We saw the surprise unveiling, followed trim level news, ordering information, factory startup, placed an order the first day we could, then waited (not so) patiently for it to arrive. In September 2018 we took delivery of our new 2019 Chevrolet Silverado LTZ. Here it is a few seconds after the first time we saw it.
What’s the plan?
We’re going to make our new Silverado work for us and you. Over the next few years we plan on transforming our truck, installing loads of aftermarket parts, and reviewing everything in the process.
Our thought process behind this Project Truck is simple. We originally wanted to buy a Silverado Trail Boss but found that Chevy wouldn’t let us get it with the all new 6.2L V8. That engine and the brand new 10-speed transmission was reserved for those who purchased an LTZ or High Country. With the 6.2L being more important, we acquiesced and ordered a more expensive LTZ instead. Thus, our mission to replicate the Trail Boss’s off-road stance and beefed up attitude but with a legendary 6.2L engine and a more luxurious take on things was born. We've decided to call it….
Project Trail Beast
More than just a name, Project Trail Beast is a set of core vehicle modification goals that we’d like to accomplish with our 2019 Silverado LTZ. The ultimate goal is to create the truck that Chevy should have made… a Trail Boss with a 6.2L engine. Thankfully, we’re not bound by factory parts anymore, so we can go a little more hardcore than Chevy would have.
Our goals include:
Suspension Lift: We’ll take our Silverado and raise it a modest 2-4 inches. More aggressive tires are a requirement and aftermarket rims are being considered to complement the higher stance without sacrificing driveability. Beefed Up Performance: 420-horsepower stock isn’t bad…. but isn’t nearly enough. We’ll explore adding a supercharger to our 6.2L and work with leading brands to install performance intake and exhaust systems. We’ll also check in on the custom tuning scene and how the 2019 models can be modified on the inside. Updated Lighting: Even though most of our Silverado has high tech LED lighting, there are still some conventional bulbs. We’ll replacement all with the latest LED tech and add additional illumination around our truck. Expect us to talk about and review industry players such as Sylvania and Baja Lights soon. Utility Accessories: We'll explore bed covers, floor mats, security products, custom keyed locks, ceramic coatings, and a wide range of other accessories that any truck owner may use or need on their vehicle. From Adams Polishes to Husky Liners, we’ll look at what works and what does not. GM Official Accessories: GM is upping their game and offering lots of performance and visual accessories right from the dealership. We opened up a parts account and immediately started buying. How do these products perform? Are they worth the price? We'll let you know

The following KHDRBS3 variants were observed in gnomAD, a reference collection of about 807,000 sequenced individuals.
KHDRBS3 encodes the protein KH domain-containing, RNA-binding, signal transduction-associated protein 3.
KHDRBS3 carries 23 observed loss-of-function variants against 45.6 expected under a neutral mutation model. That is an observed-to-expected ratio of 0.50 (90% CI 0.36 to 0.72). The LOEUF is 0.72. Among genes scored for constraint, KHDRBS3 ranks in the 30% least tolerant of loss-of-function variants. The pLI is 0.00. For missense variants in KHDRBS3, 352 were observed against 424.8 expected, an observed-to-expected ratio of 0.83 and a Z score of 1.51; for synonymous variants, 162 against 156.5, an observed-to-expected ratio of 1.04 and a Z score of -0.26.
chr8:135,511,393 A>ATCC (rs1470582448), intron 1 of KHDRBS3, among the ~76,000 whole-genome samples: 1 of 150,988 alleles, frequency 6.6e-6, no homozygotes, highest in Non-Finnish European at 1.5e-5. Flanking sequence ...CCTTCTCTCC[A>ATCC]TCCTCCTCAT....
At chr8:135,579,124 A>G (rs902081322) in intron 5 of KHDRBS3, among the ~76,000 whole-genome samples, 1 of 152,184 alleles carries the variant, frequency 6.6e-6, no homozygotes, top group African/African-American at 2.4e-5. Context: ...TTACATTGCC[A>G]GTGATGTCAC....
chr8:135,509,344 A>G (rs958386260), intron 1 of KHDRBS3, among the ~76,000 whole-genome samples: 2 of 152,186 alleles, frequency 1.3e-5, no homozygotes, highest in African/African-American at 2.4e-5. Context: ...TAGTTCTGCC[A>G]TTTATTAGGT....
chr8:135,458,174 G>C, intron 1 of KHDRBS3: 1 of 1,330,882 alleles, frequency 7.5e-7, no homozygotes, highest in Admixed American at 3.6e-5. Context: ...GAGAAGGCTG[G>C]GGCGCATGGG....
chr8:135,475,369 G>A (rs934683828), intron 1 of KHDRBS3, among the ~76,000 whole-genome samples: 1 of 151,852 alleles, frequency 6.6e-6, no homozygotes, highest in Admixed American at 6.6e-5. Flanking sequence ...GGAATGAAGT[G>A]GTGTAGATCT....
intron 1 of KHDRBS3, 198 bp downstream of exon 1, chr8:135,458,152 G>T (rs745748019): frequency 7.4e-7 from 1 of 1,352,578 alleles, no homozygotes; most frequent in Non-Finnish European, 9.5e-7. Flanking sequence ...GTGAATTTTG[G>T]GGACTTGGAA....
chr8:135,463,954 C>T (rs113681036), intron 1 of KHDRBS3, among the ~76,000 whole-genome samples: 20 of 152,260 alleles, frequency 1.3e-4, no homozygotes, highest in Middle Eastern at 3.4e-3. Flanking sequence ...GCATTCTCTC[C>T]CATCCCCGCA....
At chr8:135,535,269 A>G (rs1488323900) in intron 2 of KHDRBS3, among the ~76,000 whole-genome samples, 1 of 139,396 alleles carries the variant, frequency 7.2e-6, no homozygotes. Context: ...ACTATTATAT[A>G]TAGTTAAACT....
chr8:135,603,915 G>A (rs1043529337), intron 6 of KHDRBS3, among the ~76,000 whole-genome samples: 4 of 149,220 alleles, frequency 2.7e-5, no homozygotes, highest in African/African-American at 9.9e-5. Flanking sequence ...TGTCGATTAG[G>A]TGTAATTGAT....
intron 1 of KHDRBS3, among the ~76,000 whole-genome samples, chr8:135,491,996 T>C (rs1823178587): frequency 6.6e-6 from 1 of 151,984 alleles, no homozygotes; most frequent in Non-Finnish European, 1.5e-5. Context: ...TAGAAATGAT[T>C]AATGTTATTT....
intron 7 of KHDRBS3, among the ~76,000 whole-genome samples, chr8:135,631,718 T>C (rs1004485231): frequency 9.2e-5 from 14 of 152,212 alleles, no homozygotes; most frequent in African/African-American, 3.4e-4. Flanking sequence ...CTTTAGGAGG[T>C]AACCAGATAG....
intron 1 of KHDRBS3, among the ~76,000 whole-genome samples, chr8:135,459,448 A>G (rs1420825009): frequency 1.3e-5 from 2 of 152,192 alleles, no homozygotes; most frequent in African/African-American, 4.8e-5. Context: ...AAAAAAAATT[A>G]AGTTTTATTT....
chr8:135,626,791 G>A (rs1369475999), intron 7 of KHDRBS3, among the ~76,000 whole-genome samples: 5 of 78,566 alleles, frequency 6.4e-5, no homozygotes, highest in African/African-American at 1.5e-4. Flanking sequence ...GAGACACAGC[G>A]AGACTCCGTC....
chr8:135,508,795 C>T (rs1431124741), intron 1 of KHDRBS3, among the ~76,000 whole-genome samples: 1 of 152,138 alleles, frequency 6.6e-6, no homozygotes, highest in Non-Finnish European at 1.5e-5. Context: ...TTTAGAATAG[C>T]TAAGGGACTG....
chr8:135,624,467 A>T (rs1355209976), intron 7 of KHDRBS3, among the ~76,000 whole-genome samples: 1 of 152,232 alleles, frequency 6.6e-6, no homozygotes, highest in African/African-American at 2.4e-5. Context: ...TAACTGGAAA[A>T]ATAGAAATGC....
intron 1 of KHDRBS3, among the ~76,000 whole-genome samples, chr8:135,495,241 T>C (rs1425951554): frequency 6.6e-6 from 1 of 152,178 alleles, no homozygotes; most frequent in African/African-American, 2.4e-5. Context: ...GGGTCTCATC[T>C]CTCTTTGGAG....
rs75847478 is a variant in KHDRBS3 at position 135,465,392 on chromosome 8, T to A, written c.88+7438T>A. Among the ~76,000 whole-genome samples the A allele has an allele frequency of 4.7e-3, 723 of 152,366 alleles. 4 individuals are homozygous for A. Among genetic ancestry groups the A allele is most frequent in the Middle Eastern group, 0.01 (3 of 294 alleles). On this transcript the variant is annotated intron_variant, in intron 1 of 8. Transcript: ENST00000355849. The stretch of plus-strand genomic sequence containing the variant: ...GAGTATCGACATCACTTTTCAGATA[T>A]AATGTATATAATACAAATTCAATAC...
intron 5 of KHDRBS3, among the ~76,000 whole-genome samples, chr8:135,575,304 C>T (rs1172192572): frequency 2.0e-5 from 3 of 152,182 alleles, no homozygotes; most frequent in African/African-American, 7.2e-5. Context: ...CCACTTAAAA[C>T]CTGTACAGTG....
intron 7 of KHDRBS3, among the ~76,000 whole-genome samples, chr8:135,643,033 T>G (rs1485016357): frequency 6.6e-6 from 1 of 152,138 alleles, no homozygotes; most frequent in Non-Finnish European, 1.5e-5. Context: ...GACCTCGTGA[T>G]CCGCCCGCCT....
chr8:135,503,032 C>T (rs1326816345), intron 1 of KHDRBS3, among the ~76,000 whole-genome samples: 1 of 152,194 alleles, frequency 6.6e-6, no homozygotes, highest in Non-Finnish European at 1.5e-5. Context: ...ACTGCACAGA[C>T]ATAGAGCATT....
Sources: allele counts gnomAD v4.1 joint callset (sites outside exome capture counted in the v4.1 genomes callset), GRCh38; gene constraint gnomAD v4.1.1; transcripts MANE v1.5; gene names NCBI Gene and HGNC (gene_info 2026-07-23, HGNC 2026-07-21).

Help Us Out! What Do You Want?
Do you want a particular product reviewed? Can't decide on a truck safe? Or confused about Ceramic Coatings? Let us know! We’ll do our best to review anything we can on Project Trail Beast. Do you work for a company who has a product you’d like us to look at? We can do that too.
It's time to get installing. We have a fat pile of accessories we've already started to work on. Each product, each experience, we'll share with you. Stay tuned for more updates on Project Trail Beast.